“No, she’s just divorced.”
“How ’bout Aunt Birdie?”
“She’s an abomination,” Margaret said.
“What’s that?” I asked.
“Worse than a whore, I think. It means she likes women.”
“I like women,” I said.
“Not like Aunt Birdie. She wants to marry other women. She wants to make babies with them.”
“How would that work?” I said.
“It wouldn’t,” Margaret said. “That’s why she’s an abomination.”
I already knew how babies were made, more or less, and the thought of it made me want to puke. The more dad drank, the more explicitly he discussed his failure to pull out of mom before the boys, in his words, rushed the field on the night of Margaret’s conception. Likewise, the more mom drank, the more willing she became to narrate their lovemaking using words dad grunted in her ear. Even with the windows closed, Margaret and I had to cover our ears to block out the sounds of their fucking and fighting. When they were done, there’d be snoring, and all I could do was wonder why mom let him touch her the way he did.
“Margaret?” I said, half hoping she was already asleep. “What if I wanted to marry another woman, too?”
“Mom and dad would have to kill you,” Margaret said. “And themselves.”
Lying awake, I considered my options. On one hand, I could pick up a sailor one day and let him make a prostitute out of me. On the other hand, I could marry another woman and try to make babies with her, and my parents would have to kill me. As far as I could tell, there was no middle ground, unless you counted what my mom had, but I really couldn’t see the difference between actually being a whore and only being called one, so I decided to err on the side of caution and swear off men forever. Not that it was really a decision so much as a revelation, learning the name for the thing I already knew I was. As long as Margaret kept her mouth shut about our little conversation, I figured, no one could kill me. Even if mom and dad did catch me trying to marry another woman one day, I could always plead ignorance. After all, dad had only warned me about sailors. Women were another matter altogether.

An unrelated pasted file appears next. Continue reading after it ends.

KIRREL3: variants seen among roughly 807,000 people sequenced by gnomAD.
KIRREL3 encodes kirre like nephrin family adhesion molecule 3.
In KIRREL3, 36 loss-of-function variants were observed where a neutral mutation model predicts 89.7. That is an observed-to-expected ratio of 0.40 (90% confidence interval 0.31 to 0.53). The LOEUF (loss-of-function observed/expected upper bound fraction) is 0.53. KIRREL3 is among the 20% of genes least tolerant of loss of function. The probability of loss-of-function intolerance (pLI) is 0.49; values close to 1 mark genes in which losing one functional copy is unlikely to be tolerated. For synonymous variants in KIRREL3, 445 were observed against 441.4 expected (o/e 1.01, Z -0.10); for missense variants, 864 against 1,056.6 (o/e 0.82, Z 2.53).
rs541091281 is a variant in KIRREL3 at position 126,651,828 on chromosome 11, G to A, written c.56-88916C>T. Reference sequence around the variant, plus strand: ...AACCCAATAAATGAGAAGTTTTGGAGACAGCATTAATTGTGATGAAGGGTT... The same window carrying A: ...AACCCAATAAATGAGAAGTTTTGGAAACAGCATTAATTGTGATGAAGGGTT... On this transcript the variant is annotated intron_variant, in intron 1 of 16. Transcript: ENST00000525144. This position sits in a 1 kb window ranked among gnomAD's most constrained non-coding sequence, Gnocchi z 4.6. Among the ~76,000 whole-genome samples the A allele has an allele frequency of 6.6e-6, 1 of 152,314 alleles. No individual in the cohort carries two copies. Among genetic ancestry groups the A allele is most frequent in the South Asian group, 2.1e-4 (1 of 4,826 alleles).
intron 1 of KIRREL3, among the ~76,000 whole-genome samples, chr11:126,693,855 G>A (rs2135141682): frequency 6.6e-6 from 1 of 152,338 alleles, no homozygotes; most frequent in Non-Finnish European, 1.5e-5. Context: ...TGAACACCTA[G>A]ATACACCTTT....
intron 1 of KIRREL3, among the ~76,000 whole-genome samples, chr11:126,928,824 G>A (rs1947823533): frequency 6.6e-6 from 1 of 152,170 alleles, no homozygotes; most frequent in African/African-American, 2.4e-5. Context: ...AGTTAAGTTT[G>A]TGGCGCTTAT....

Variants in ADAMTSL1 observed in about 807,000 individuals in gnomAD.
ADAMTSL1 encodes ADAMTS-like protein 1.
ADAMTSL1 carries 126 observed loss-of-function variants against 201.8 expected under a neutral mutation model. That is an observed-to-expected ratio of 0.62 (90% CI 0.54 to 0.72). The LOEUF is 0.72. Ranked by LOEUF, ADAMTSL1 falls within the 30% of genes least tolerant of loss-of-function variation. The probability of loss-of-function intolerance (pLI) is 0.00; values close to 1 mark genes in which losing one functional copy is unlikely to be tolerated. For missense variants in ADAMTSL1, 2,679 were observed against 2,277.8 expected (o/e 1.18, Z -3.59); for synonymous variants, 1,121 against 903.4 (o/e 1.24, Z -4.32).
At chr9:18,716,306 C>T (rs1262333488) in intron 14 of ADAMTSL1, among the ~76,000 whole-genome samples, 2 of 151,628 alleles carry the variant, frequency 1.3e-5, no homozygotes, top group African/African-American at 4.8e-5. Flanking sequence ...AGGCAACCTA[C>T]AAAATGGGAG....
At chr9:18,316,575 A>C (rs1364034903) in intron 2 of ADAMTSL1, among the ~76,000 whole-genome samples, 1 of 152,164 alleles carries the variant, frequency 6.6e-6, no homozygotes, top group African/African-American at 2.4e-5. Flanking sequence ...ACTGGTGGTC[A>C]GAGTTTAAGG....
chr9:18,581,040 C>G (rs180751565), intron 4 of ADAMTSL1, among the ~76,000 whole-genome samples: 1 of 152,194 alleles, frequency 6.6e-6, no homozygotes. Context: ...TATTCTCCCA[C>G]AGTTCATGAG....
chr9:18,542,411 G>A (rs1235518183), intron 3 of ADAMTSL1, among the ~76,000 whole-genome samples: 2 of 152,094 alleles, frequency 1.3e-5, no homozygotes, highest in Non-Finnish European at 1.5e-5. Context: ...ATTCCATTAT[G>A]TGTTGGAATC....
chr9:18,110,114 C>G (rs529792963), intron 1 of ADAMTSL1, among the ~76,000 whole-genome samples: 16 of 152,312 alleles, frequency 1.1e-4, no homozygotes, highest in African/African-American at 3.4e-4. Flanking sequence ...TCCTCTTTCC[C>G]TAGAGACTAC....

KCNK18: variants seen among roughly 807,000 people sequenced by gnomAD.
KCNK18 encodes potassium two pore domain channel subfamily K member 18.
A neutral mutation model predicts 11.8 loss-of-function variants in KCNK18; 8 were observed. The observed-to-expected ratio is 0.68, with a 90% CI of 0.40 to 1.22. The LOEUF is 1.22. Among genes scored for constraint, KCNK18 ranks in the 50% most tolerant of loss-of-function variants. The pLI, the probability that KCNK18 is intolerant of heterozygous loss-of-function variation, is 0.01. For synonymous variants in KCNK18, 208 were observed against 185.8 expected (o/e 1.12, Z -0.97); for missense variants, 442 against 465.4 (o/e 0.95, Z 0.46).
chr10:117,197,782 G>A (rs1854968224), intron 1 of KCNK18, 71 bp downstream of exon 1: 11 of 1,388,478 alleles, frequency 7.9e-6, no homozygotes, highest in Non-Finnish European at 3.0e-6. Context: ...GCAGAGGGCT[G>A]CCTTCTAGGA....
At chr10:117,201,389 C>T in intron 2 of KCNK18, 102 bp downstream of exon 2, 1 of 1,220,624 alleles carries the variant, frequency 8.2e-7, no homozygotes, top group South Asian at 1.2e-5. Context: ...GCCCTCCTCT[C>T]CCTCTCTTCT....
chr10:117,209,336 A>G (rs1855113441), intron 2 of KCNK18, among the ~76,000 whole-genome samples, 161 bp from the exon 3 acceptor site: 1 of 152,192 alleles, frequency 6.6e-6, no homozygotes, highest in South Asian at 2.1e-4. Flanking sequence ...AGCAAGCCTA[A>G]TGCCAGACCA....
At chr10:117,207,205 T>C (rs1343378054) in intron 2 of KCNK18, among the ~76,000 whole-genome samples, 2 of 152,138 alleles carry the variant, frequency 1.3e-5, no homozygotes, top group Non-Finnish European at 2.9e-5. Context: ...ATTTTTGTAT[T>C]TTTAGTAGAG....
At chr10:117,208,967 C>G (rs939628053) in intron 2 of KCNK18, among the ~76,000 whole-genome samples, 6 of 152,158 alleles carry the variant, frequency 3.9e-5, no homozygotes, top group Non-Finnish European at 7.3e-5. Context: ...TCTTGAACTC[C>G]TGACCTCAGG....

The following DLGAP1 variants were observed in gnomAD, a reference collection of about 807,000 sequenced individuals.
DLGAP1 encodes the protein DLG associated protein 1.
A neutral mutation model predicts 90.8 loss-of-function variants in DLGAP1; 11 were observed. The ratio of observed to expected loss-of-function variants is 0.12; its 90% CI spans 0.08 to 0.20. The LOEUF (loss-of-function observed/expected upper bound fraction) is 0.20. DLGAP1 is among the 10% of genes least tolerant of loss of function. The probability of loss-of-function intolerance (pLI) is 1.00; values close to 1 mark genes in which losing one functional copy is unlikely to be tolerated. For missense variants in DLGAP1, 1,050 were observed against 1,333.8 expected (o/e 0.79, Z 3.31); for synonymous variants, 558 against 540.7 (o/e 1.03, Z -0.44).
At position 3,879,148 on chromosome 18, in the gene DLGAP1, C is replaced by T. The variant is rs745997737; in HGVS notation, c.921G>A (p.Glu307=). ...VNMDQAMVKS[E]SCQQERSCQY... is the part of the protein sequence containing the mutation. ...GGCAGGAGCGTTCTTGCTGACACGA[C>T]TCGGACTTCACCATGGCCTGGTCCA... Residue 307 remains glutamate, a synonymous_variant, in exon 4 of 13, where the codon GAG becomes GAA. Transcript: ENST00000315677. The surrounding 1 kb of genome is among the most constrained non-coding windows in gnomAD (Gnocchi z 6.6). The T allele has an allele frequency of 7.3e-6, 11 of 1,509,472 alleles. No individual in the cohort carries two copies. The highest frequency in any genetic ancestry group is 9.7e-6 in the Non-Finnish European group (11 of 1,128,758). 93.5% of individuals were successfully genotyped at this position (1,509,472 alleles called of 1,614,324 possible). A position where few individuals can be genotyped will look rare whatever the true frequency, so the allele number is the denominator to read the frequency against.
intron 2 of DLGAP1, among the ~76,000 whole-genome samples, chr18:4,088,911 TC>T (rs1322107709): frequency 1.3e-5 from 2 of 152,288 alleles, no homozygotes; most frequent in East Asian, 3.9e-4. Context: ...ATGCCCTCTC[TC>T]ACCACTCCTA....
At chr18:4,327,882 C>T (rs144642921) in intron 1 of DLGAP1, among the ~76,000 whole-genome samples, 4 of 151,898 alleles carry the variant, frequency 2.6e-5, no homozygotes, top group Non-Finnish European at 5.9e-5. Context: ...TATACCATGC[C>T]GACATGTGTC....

In the beginning, it was like having a secret identity, like being Wonder Woman or, better yet, Cat Woman. Ears perked and eyes peeled for any and all information pertaining to Aunt Birdie, I’d prowl around the kitchen, pretending to look for rubber bands, thumbtacks, tape or scissors in the junk drawers whenever mom talked on the phone on the off-chance that my fellow abomination’s name might pop up, or I’d page through old photo albums at my grandparents’ house, hoping for even the briefest glimpse of an abomination in the wild. To all appearances, Birdie looked like everyone else in her black and white universe—always a little taller than mom because she was older, always in a plaid jumper, always with her long, straight hair, fair skin and the wide, toothy smile that hid the secret longing she and I would always share: not a longing for the touch of another woman so much as a longing for the unconditional love of the people we loved unconditionally.